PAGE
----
The Science of Autumn Colours

I’ve been watching the trees change colour over recent weeks. They are probably at their best around now. I always hope they’ll stay around for a long time, but invariably we get gales and the trees go bare overnight. Some of them that are growing in exposed spots have already lost almost all their leaves.

Others are still green.

Of those that have changed, I love the range of colours, from the buttery yellow of this willow…

…to the deep orange-red of this ornamental rowan (complete with bright yellow berries).

Some of the Acer (maple) family are the stars of autumn. This one positively glows!

Have you ever considered the science of this spectacle? The leaves are key to everything the tree does. In spring and summer, they are full of the green pigment, chlorophyll. This enables the tree to use energy from sunlight to convert the carbon in carbon dioxide to sugars (by the process of photosynthesis) The sugars fuel growth, flowering and seed production: everything else the tree does. Like a factory needs down time for maintenance and replacement of worn out parts, the tree’s leaves reach the end of their life in autumn. It is the breakdown of the green chlorophyll pigment that gives rise to the yellows, oranges and reds of autumn leaves.

Shorter day length stimulates the tree to produce a layer of weak cells at her base of each leaf stalk. This is called the abscission layer and causes the leaves to detach easily and fall.

The trees will now remain dormant during winter until fresh green leaves emerge in spring, ready to go into full production. Nature is pretty amazing!.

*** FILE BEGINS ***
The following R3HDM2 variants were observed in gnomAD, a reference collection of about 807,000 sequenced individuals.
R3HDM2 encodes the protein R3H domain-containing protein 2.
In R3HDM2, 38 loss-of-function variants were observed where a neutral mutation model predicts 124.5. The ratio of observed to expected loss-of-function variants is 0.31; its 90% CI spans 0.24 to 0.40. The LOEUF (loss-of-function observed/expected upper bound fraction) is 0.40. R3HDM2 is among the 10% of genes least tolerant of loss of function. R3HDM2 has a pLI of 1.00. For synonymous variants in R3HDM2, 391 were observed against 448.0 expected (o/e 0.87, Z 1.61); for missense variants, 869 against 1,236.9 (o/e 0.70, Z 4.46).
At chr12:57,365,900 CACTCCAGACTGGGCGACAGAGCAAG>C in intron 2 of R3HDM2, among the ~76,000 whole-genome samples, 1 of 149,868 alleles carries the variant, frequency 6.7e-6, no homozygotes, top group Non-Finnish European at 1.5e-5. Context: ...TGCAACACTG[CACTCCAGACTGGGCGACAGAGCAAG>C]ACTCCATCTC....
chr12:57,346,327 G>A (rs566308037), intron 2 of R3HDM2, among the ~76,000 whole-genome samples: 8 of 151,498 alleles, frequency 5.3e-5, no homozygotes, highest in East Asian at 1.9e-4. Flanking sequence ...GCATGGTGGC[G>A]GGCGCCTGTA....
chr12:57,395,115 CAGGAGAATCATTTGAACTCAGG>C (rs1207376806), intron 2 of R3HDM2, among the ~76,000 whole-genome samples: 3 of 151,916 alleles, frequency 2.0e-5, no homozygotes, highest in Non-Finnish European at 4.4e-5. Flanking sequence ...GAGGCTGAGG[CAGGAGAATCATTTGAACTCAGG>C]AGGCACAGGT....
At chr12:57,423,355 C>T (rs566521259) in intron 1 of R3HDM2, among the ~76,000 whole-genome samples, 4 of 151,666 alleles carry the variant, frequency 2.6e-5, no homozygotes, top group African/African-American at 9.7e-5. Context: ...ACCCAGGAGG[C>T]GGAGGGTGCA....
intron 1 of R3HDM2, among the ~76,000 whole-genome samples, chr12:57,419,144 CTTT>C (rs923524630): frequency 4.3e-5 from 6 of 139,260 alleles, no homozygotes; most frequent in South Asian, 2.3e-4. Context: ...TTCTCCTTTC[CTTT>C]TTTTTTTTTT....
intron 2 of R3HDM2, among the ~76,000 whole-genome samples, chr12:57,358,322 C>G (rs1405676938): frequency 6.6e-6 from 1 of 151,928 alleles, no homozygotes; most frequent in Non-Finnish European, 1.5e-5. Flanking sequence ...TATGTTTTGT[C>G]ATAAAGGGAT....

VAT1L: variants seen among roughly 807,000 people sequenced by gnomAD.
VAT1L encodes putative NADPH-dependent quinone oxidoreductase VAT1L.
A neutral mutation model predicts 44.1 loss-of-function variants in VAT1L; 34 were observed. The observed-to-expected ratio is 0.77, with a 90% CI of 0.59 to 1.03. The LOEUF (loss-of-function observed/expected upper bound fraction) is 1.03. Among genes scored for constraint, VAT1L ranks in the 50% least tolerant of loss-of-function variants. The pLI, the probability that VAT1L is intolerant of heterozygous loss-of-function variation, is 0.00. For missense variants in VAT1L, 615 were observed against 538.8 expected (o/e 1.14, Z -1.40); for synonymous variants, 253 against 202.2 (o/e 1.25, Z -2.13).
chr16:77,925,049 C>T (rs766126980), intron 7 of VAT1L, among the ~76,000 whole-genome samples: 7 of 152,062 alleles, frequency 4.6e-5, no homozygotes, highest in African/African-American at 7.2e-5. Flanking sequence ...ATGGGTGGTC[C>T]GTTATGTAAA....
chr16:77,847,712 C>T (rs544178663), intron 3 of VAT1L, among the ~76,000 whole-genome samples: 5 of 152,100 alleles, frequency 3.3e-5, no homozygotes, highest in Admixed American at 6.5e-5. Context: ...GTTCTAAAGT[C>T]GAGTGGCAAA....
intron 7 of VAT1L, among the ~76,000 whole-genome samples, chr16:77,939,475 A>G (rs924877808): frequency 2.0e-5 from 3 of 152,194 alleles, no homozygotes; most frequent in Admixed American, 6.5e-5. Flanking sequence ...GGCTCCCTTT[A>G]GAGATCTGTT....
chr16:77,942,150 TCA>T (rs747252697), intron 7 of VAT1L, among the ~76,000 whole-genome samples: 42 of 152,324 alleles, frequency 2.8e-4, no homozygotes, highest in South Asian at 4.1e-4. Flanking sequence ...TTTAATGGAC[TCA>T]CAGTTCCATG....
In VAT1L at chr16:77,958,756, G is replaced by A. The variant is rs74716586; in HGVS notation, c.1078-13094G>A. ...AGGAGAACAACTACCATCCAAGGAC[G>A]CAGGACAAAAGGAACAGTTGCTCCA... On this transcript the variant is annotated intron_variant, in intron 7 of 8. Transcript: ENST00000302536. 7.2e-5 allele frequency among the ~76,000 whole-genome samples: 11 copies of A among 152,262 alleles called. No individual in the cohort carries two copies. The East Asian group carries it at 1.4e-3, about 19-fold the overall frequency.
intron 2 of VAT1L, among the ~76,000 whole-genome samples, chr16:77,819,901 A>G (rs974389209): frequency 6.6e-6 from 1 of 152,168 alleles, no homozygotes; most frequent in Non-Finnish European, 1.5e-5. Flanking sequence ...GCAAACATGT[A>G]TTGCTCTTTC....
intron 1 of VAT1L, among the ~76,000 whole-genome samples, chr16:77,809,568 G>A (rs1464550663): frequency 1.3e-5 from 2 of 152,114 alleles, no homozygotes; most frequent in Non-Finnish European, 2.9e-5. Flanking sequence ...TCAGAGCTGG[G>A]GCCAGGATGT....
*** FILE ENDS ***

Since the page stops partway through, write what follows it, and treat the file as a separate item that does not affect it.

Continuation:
Having been out and about looking for autumn leaf colour, I forgot this in our own garden. It’s a little Japanese maple we’ve had for years that always looks stunning at this time of year.

How are the trees looking where you are?

Author:

I live in Northumberland, within sight of the sea and spend my time knitting, crocheting, sewing and trying my hand at different crafts. There's usually a story to share about the things I make.

4 thoughts on “The Science of Autumn Colours

  1. Your Japanese maple is beautiful. We used to have one. Sadly bugs got into the trunk and we didn’t notice in time.
    We have a full range outside. There are everything from nearly bare trees to nearly full green. We usually get a fall wind storm in October that takes most of the leaves down. It hasn’t happened yet.

    Liked by 1 person

  2. Such stunning acers this time of year. I have particularly noticed near me the colours this year seem more vibrant that usual. A friend suggested it was the extra hot weather this summer that made the leaves brighter and more noticeable as they fall. Not sure if that’s true but if so then that’s a pretty way to think of autumn.

    Liked by 1 person

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